N/A E. chaffeensis GWR South-central and Southeastern USA NLCD, Daymet, white-tailed deer density Temperature, Humidity, Precipitation, Forest cover Wimberly et al. (2008)
DOI: 10.7717/peerj.10596/table-1

Note:

BHM, Bayesian Hierarchical Model; BRT, Boosted Regression Trees; ENFA, Ecological Niche Factor Analysis; GARP, Genetic Algorithm for Rule-Set Production; GLM, Generalized Linear Model; GWR, Geographically Weighted Regression; LR, Linear Regression; MARS, Multivariate Adaptive Regression Splines; RF, Random Forests.

PRISMA flow diagram outlining the literature search and screening process.

Figure 1: PRISMA flow diagram outlining the literature search and screening process.

The geographic extent of suitability models varied with study focus and stated research goals, ranging from local and regional foci (e.g., county and state-level) to national and global species distributions. Studies were primarily conducted for the United States (46%), often limited to a single state or regional boundary. Other common geographic foci included Africa (29%) and Latin America (21%). The majority of studies (83%) reported the spatial scales of predicted distributions, which varied considerably across studies ranging from fine-scale (1 km) to coarse resolution (50 km) gridded models.

Species occurrence data

The majority of reviewed studies (79%) modeled geographic distributions only for Amblyomma ticks, using vector presence as a proxy for pathogen transmission and disease risk. Amblyomma americanum was featured in 33% of articles, making it the most commonly studied vector, followed by Amblyomma variegatum (29%) and Amblyomma hebraeum (25%). Studies that estimated pathogen distributions, using health department data or wildlife blood samples to determine presence, accounted for 20% of the reviewed literature. Only 8% of studies used both tick occurrence and pathogen presence to model geographic risk of transmission.

A majority of studies (63%) obtained positive records of species occurrence from previously published literature. The time period of sample collections from previously published sources typically ranged from the 1950s through the early 2000s, though one study incorporated historical records dating back to the 1900s. In contrast, 29% of studies primarily obtained georeferenced data points from public databases or entomological collections. While using pre-existing databases of tick records yields higher occurrence frequencies that span greater periods of time, few details are typically provided regarding the nature of sample collections (e.g., active vs passive surveillance, transects vs convenience sampling, etc.). Only 21% of studies collected occurrence records solely through field sampling, with field collections spanning one to 13 years. Few studies (13%) used true absence data collected via field sampling, instead opting to use modeling approaches that take advantage of presence-only datasets.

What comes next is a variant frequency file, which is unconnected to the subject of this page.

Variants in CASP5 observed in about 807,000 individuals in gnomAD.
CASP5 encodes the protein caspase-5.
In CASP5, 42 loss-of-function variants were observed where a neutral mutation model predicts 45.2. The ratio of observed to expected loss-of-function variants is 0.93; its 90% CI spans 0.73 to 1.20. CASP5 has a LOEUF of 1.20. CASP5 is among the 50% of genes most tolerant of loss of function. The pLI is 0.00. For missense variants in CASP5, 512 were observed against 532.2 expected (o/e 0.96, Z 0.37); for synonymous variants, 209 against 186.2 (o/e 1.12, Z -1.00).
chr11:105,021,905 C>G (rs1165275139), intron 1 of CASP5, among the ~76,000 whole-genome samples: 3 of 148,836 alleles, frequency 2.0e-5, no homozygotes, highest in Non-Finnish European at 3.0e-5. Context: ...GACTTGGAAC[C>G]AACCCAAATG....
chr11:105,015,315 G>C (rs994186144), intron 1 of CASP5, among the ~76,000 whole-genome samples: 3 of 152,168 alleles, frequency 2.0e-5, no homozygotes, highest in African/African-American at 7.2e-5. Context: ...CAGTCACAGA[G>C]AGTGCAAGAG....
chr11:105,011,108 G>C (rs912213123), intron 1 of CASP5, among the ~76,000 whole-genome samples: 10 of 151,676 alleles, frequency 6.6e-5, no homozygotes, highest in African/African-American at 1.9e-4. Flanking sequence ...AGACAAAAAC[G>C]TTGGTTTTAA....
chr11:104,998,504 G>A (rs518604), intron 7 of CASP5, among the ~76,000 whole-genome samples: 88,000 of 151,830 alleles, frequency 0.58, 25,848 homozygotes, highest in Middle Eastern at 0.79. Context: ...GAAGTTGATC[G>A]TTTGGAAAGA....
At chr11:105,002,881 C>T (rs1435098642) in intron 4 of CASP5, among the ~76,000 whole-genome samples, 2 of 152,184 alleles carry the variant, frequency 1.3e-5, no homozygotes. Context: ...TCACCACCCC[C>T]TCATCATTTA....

Environmental data

Environmental predictor datasets used to build SDMs were generally chosen in accordance with the specified geographic extent, scale, and goals of a given study. Many of the data products used for localized studies are only available for a given region or country (e.g., Daymet climate data for North America, USGS National Land Cover Database with coverage for the United States, etc.). Despite the wide range of environmental inputs across studies, the WorldClim dataset of long-term climate averages, and derived bioclimatic variables, were the most commonly utilized source of climatological data, featured as input data in 36% of reviewed articles (Hijmans et al., 2005). Six articles estimated potential shifts in vector ranges driven by future climate change and required modeled climate data at given time horizons, with half of these studies using WorldClim scenarios of future climatic conditions.

Modeling approaches and output

The reviewed literature primarily consisted of studies that used presence-only, correlative modeling approaches. A variety of SDM methods were used to estimate tick distributions, including logistic regression (LR), geographically weighted regression (GWR), ecological niche factor analysis (ENFA), and generalized additive models (GAM) (Table 1). However, the MaxEnt algorithm was the most commonly used method, with 50% of studies using MaxEnt to estimate species distributions. Regression analyses were also frequently included in SDM studies (42%), even when more advanced statistical models were also used.